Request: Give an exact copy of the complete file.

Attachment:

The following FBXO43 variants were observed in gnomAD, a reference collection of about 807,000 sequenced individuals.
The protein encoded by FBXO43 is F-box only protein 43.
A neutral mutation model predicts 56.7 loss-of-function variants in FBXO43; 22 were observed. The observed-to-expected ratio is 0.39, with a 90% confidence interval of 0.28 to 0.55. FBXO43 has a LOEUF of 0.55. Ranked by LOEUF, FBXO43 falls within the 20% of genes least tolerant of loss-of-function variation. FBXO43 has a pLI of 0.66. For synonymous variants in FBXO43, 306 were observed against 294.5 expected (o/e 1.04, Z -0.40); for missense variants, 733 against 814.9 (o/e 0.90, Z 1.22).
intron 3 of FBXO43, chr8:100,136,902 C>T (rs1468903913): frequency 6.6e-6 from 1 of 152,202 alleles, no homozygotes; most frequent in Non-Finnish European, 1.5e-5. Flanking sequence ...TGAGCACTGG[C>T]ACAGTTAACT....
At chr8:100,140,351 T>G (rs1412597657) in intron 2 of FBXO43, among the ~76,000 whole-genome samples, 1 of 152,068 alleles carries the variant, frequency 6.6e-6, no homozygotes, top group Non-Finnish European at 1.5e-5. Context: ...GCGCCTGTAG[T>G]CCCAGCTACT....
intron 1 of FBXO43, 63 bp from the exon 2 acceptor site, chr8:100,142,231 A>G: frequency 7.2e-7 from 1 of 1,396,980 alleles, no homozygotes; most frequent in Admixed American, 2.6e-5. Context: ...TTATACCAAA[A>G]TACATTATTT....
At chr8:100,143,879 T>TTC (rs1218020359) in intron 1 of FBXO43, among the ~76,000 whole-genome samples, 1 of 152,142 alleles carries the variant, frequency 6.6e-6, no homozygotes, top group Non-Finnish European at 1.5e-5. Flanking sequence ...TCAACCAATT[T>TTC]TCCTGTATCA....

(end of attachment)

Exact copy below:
The following FBXO43 variants were observed in gnomAD, a reference collection of about 807,000 sequenced individuals.
The protein encoded by FBXO43 is F-box only protein 43.
A neutral mutation model predicts 56.7 loss-of-function variants in FBXO43; 22 were observed. The observed-to-expected ratio is 0.39, with a 90% confidence interval of 0.28 to 0.55. FBXO43 has a LOEUF of 0.55. Ranked by LOEUF, FBXO43 falls within the 20% of genes least tolerant of loss-of-function variation. FBXO43 has a pLI of 0.66. For synonymous variants in FBXO43, 306 were observed against 294.5 expected (o/e 1.04, Z -0.40); for missense variants, 733 against 814.9 (o/e 0.90, Z 1.22).
intron 3 of FBXO43, chr8:100,136,902 C>T (rs1468903913): frequency 6.6e-6 from 1 of 152,202 alleles, no homozygotes; most frequent in Non-Finnish European, 1.5e-5. Flanking sequence ...TGAGCACTGG[C>T]ACAGTTAACT....
At chr8:100,140,351 T>G (rs1412597657) in intron 2 of FBXO43, among the ~76,000 whole-genome samples, 1 of 152,068 alleles carries the variant, frequency 6.6e-6, no homozygotes, top group Non-Finnish European at 1.5e-5. Context: ...GCGCCTGTAG[T>G]CCCAGCTACT....
intron 1 of FBXO43, 63 bp from the exon 2 acceptor site, chr8:100,142,231 A>G: frequency 7.2e-7 from 1 of 1,396,980 alleles, no homozygotes; most frequent in Admixed American, 2.6e-5. Context: ...TTATACCAAA[A>G]TACATTATTT....
At chr8:100,143,879 T>TTC (rs1218020359) in intron 1 of FBXO43, among the ~76,000 whole-genome samples, 1 of 152,142 alleles carries the variant, frequency 6.6e-6, no homozygotes, top group Non-Finnish European at 1.5e-5. Flanking sequence ...TCAACCAATT[T>TTC]TCCTGTATCA....